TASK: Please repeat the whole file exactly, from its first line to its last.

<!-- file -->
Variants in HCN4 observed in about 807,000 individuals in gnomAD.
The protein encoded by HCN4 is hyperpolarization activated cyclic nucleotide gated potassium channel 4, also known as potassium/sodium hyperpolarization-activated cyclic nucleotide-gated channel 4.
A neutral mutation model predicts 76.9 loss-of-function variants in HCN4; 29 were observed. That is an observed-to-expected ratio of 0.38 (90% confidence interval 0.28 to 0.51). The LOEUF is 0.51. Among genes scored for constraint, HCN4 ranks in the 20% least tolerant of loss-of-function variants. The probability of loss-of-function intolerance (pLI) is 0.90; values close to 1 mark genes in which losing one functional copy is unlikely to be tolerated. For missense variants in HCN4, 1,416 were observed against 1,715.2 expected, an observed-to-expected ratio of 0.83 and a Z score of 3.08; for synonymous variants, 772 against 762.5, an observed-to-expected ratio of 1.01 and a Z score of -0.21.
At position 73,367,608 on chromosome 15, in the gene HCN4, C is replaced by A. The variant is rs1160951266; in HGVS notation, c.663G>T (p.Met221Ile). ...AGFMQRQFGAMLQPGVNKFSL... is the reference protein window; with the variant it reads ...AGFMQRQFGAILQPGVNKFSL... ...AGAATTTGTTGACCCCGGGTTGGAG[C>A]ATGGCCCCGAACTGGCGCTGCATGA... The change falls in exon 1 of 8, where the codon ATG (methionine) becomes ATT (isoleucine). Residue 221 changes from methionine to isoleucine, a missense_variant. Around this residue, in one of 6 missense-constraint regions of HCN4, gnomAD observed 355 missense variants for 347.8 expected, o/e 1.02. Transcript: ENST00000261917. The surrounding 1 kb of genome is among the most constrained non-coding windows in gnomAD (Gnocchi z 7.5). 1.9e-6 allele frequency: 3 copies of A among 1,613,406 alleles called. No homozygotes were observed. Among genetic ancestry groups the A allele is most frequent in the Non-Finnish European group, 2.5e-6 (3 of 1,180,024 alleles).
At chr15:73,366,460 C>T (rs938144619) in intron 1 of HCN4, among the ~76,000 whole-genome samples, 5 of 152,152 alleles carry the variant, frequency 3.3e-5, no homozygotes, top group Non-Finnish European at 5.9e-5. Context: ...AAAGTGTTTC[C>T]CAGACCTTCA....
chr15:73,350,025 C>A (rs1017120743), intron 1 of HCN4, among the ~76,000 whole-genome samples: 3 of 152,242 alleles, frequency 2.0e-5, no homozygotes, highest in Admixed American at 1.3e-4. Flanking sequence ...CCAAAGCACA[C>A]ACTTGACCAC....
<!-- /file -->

Variants in HCN4 observed in about 807,000 individuals in gnomAD.
The protein encoded by HCN4 is hyperpolarization activated cyclic nucleotide gated potassium channel 4, also known as potassium/sodium hyperpolarization-activated cyclic nucleotide-gated channel 4.
A neutral mutation model predicts 76.9 loss-of-function variants in HCN4; 29 were observed. That is an observed-to-expected ratio of 0.38 (90% confidence interval 0.28 to 0.51). The LOEUF is 0.51. Among genes scored for constraint, HCN4 ranks in the 20% least tolerant of loss-of-function variants. The probability of loss-of-function intolerance (pLI) is 0.90; values close to 1 mark genes in which losing one functional copy is unlikely to be tolerated. For missense variants in HCN4, 1,416 were observed against 1,715.2 expected, an observed-to-expected ratio of 0.83 and a Z score of 3.08; for synonymous variants, 772 against 762.5, an observed-to-expected ratio of 1.01 and a Z score of -0.21.
At position 73,367,608 on chromosome 15, in the gene HCN4, C is replaced by A. The variant is rs1160951266; in HGVS notation, c.663G>T (p.Met221Ile). ...AGFMQRQFGAMLQPGVNKFSL... is the reference protein window; with the variant it reads ...AGFMQRQFGAILQPGVNKFSL... ...AGAATTTGTTGACCCCGGGTTGGAG[C>A]ATGGCCCCGAACTGGCGCTGCATGA... The change falls in exon 1 of 8, where the codon ATG (methionine) becomes ATT (isoleucine). Residue 221 changes from methionine to isoleucine, a missense_variant. Around this residue, in one of 6 missense-constraint regions of HCN4, gnomAD observed 355 missense variants for 347.8 expected, o/e 1.02. Transcript: ENST00000261917. The surrounding 1 kb of genome is among the most constrained non-coding windows in gnomAD (Gnocchi z 7.5). 1.9e-6 allele frequency: 3 copies of A among 1,613,406 alleles called. No homozygotes were observed. Among genetic ancestry groups the A allele is most frequent in the Non-Finnish European group, 2.5e-6 (3 of 1,180,024 alleles).
At chr15:73,366,460 C>T (rs938144619) in intron 1 of HCN4, among the ~76,000 whole-genome samples, 5 of 152,152 alleles carry the variant, frequency 3.3e-5, no homozygotes, top group Non-Finnish European at 5.9e-5. Context: ...AAAGTGTTTC[C>T]CAGACCTTCA....
chr15:73,350,025 C>A (rs1017120743), intron 1 of HCN4, among the ~76,000 whole-genome samples: 3 of 152,242 alleles, frequency 2.0e-5, no homozygotes, highest in Admixed American at 1.3e-4. Flanking sequence ...CCAAAGCACA[C>A]ACTTGACCAC....